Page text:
John Paul White discusses solo career ahead of Birmingham show
The road never really felt like home for singer-songwriter John Paul White, best known as half of the soulful duo The Civil Wars. Home, White says, has always been the Shoals. It's the same place where a couple of guys known as The Swampers churned out hit after hit a couple decades ago. Now, it's where White is resuming his solo career.
"It sounds cool to say that there's something in the water. It sounds very romantic," White says of the area's rich music history. "But I think we all owe a debt to all those guys who came before us."
In many ways, White--along with friends Will Trapp and Ben Tanner--is carrying on the proverbial musical torch of the region with Single Lock Records, the independent recording label the threesome started a few years ago. The label has since expanded to include musicians outside the area.
"There was so much talent in our backyard that it was impossible to ignore," White says while pouring a cup of decaf at Single Lock's headquarters, which is nothing more than a small white house near downtown Florence. Albums from several Single Lock artists, including St. Paul and the Broken Bones, adorn the walls. White says the space sometimes doubles as a place for out-of-town musicians to crash after playing a show at 116 East Mobile, a hole-in-the-wall music venue managed by Single Lock in Florence's historic downtown.
Since releasing his latest album and starting Single Lock with Tanner and Trapp, White says he feels like his own creative reservoir has begun to flow freely again. After a short hiatus from the limelight, it wasn't hard for him to get back in the groove and put some lyrics down on paper.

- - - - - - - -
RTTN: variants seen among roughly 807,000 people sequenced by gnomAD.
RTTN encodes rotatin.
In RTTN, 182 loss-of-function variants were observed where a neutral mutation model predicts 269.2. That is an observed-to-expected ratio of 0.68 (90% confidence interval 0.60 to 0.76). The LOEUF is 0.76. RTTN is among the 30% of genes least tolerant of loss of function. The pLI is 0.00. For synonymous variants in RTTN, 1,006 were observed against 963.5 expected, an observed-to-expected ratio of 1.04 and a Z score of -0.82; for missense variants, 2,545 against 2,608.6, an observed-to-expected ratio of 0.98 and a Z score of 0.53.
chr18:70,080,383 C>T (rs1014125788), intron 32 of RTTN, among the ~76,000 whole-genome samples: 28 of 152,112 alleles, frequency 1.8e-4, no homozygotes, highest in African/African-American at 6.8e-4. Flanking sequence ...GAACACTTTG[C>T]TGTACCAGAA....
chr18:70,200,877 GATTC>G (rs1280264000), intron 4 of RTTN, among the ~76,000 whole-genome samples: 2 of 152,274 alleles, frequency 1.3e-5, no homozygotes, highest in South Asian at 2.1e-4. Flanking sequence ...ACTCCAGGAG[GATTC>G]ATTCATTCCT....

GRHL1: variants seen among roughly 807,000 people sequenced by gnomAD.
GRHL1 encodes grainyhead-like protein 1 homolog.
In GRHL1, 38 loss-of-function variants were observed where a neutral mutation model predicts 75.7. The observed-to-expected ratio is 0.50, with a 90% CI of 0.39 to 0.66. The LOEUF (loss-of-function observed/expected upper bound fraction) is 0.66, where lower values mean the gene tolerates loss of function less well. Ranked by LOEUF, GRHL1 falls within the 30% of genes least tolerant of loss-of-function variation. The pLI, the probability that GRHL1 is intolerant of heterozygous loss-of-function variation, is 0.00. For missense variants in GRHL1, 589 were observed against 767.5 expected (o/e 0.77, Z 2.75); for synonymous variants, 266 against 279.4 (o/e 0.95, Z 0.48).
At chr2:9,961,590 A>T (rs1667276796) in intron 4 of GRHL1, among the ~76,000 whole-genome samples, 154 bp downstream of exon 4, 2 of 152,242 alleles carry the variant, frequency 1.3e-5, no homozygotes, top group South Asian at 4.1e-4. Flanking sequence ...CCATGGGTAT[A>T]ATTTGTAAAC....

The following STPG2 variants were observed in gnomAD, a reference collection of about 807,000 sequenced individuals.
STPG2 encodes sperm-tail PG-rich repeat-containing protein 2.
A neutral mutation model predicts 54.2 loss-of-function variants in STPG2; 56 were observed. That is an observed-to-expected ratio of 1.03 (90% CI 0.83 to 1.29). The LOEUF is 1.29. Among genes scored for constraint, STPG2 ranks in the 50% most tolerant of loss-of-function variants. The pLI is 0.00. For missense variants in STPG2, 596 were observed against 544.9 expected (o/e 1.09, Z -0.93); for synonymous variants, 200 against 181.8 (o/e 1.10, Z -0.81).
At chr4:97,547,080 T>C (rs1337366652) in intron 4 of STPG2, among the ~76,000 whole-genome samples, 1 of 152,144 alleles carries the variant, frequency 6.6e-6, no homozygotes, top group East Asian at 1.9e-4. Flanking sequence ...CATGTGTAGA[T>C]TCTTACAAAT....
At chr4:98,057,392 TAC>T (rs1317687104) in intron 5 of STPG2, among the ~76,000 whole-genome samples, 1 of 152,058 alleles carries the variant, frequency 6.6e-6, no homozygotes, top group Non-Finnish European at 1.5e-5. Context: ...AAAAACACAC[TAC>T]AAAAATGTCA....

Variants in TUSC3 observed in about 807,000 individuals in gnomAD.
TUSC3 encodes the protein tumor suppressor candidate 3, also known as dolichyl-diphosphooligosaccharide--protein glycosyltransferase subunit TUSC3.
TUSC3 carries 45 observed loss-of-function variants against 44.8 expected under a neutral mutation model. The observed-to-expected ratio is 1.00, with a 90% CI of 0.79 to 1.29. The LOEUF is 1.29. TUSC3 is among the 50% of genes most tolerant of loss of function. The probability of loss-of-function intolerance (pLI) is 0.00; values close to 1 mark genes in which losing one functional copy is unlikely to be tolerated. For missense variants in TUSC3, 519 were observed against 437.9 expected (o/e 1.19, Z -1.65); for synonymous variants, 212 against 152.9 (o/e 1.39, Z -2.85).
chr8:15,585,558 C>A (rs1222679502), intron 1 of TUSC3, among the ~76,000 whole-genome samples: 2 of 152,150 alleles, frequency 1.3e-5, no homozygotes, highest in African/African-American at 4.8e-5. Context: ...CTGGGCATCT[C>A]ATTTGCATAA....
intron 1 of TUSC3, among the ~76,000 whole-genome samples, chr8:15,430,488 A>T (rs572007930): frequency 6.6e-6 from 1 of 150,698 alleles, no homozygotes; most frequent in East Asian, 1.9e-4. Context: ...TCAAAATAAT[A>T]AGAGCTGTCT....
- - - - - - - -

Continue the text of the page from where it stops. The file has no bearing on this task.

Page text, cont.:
"The stars all just kind of aligned at the same time when I decided I was going to spend less time on the road," he says.
White says that, in a way, recording his latest album "Beulah" felt a lot like picking up where he left off when he recorded his original solo album, "The Long Goodbye." White was dropped from the record label he was working with at the time, giving literal meaning to the inaugural album's name.
"Not long after that, The Civil Wars started happening, so I never really looked back at that record," White says.
When he finally revisited a solo career, however, it didn't take long for the lyrics to come pouring out.
"When it all started coming back, it came back really fast," White says of the creative process that led to "Beulah," a 10-song album that addresses some weightier subjects that have been on White's mind. A lot of the album's meaning, White says, can be found in its name. William Blake, a favorite poet of White's, interpreted the word "Beulah" to mean a realm of subconscious where poetic inspiration could prosper.
"For [Blake], Beulah was a place where you could go and meditate and escape your life," White says. "But you couldn't stay there. You had to come back to Earth and live your life. It was a place of calm and a place where you could heal. And that's exactly where I've been."
After tearing up the road for several years as one half of a duo, White says touring on his own has been an adjustment,and admittedly awkward at times. With each show, however, White says he's beginning to find his place in it all.
"It was awkward and clumsy at first, but the weird thing was how quickly I felt like I was connecting with people," White says. "Every night I'd go out and play songs no one had ever heard. It's a lot for a crowd to take in, when every note is brand new."
The album is layered with a pure sound that strikes an interesting balance of honesty and tale-telling. It's hard to tell what or who White is singing about--but that's part of the beauty of the whole writing process, White says.
"There's a little fact and a little fiction, and most of the time I don't know which one is which," White says of his lyrics.
Some songs off Beulah, like "The Once and Future Queen," evoke unapologetic feelings of impassivity, while others, like "Hate the Way You Love Me," showcase a Southern folk sound layered with lamentations of confused love. It's a sound White says he might explore further in his next album, which could be penned any day. He's just waiting for the right time to sit down and let the words flow, he says.
"All the songs are waiting," White says, shifting his coffee mug in his hand. "I can feel it."